Member since May 14, 2012View Articles
I'm Ken Lodge and have been collecting playing cards since I was about eighteen months old (1945). I am also a trained academic, so I can observe and analyze reasonably well. I've applied these analytical techniques over a long period of time to the study of playing cards and have managed to assemble a large amount of information about them, especially those of the standard English pattern. Read more...
Hotel Lena playing cards published by Bichik in Yakutsk in 2001.
Advertising for Mopenco, the Dutch Fountain Pen King
Samye malen’kie v mire igral’nye karty / The world’s smallest playing cards
Limited edition luxury playing cards by Billionaire Boys Club and Theory 11.
Licensed and sponsored product for the Benfica Football Club, Lisbon, Portugal, 2006.
Wedding invitation and thank you card in the form of playing cards. France, 2019.
Publicity items for a group of entertainers, Southend-on-Sea, Essex, UK, 1911.
Publicity pack for the Harley and Helmsley Hotels, U.S.A., c.1986.
A few items used for advertising or displaying Dondorf playing card products.
A set of advertising poster stamps for C.L.Wüst playing cards.
Luxury playing cards produced by Theory11 in collaboration with The Nomad Hotel in New York City.
An extraordinary Spanish pack of chocolate advertising playing cards dating from 1920
Another pack of Dutch costume playing cards c.1880.
Marvel’s Avengers: The Infinity Saga Premium Playing Cards produced by Theory11 and designed by Mattson Creative, 2021.
Pack promoting Beaujolais wine published by Editions du Nuton, France.
Gó Succo fruit juice promotion deck featuring Walt Disney cartoons.
Dutch costume playing cards made for the Dutch market in the second half of the 19th century.
“Royal Cards Reign of Queen Anne” cover historical events, both honourable and treacherous, during the period 1702 to 1704.
In standard English packs the Ace of Spades is associated with decorative designs. This is a historical survey of why this should be.
Dubois card makers from Liège in the Walloon Region of Belgium.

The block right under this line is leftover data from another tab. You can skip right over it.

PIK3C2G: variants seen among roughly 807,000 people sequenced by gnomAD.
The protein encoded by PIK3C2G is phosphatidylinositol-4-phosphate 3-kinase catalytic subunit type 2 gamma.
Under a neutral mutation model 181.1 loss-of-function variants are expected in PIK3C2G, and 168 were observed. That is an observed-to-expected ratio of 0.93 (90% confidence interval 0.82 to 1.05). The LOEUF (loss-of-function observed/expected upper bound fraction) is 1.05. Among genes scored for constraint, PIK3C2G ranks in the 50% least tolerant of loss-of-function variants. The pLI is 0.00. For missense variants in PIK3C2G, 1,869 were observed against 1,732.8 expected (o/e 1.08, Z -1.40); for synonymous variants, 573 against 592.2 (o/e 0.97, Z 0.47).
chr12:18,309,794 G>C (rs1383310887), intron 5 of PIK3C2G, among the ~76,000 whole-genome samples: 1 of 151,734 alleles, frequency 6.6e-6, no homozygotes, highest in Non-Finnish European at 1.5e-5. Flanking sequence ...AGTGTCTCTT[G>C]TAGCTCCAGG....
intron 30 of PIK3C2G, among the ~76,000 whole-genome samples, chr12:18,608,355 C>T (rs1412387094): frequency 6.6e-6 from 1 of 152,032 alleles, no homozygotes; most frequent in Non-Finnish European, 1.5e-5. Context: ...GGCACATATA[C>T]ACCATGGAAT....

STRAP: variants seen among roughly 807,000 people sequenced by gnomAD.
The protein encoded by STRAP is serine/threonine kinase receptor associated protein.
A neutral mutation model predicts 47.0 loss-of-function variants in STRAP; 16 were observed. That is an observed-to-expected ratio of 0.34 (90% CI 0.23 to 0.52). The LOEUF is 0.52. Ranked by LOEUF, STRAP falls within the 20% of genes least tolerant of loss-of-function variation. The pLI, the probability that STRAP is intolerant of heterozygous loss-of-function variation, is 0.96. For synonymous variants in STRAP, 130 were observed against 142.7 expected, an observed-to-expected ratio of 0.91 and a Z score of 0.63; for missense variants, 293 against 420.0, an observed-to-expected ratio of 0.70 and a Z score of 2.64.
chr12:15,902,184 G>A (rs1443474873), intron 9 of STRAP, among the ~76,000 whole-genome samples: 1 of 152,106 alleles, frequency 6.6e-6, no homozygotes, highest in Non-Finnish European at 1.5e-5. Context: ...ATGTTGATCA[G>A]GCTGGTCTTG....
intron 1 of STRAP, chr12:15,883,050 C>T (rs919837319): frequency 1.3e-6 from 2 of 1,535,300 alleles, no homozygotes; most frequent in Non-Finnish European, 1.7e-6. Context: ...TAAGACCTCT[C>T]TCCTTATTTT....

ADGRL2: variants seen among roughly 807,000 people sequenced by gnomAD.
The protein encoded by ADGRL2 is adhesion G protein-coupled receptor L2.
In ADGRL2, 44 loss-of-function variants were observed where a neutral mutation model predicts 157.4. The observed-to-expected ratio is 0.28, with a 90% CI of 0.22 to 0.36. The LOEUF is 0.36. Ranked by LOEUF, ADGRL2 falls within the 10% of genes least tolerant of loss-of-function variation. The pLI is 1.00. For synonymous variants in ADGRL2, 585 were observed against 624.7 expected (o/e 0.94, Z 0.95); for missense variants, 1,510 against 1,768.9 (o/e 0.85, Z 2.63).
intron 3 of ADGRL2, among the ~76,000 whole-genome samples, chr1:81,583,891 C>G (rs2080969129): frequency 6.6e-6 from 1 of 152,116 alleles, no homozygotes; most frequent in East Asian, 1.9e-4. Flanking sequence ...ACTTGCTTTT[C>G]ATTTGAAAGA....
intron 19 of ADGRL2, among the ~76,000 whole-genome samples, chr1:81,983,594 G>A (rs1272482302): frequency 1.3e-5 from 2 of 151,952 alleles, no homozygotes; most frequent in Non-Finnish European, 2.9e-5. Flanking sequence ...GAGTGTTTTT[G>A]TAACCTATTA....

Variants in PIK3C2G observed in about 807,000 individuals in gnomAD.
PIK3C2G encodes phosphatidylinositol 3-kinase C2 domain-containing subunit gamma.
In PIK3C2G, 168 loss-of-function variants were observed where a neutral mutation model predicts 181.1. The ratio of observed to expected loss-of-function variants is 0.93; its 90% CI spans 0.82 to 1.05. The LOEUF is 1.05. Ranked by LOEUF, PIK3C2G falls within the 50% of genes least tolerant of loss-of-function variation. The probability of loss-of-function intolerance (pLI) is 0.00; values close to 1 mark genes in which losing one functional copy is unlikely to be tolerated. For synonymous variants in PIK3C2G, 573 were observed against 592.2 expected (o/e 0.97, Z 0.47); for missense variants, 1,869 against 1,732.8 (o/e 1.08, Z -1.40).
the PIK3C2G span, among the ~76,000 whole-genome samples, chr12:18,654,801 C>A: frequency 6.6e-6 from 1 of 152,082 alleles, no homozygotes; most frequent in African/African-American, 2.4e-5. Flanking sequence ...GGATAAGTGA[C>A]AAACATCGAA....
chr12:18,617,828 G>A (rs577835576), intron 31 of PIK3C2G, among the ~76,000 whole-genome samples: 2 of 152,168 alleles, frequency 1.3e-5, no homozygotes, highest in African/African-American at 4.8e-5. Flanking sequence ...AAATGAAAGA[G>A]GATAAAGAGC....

Playing Cards: A Secret History
This deck was inherited from ancestors, it has has a family history surrounding it. Details of the lives of previous owners make it all so fascinating.
IBM Linux One playing cards, c.2018.
Video by Art of Impossible. In this video you will get a short overview of the most important historical facts about playing cards and their history.
Lion Coffee Mother Goose card game, late 19th C.
Archaic Spanish-suited deck with 48 cards made in Toledo in 1584.
Gas Warm Homes Happy Families game published by British Gas, c.1980.
Gambling and Vice in the Hours of Charles V: card-playing in the local tavern
A facsimile of an early 19th century French-suited deck from the collection of F.X. Schmid.
“H-O Kwartetspel” children’s card game promoting quick cooking oatmeal (instant porridge), 1930s.
“Werbung die Sticht” deck with artwork by Fritz Bünzli to promote advertising on playing cards by AG Müller 1982.
Periquito y Tontín Dominoes, featuring Feliz and Bonzo, 1920s.
“Deal Winners” promotional pack for Dundas & Wilson law firm.
Happy Gas Families published by British Gas, c.1985.
Gilroy Special Edition Playing Cards to commemorate the centenary of the birth of John Gilroy, 1989.
Playing cards were traditionally sold inside paper wrappers, which were usually thrown away.
Hamm’s Beer promotion deck with bear cartoons by Frank M. Antoncich 1968.
Khanhoo by Charles Goodall & Son, 1895.
Nationale-Nederlanden insurance company, 1984.
Investors Overseas Services, Ltd. (IOS) by A. G. Müller (Schaffhausen), c.1969.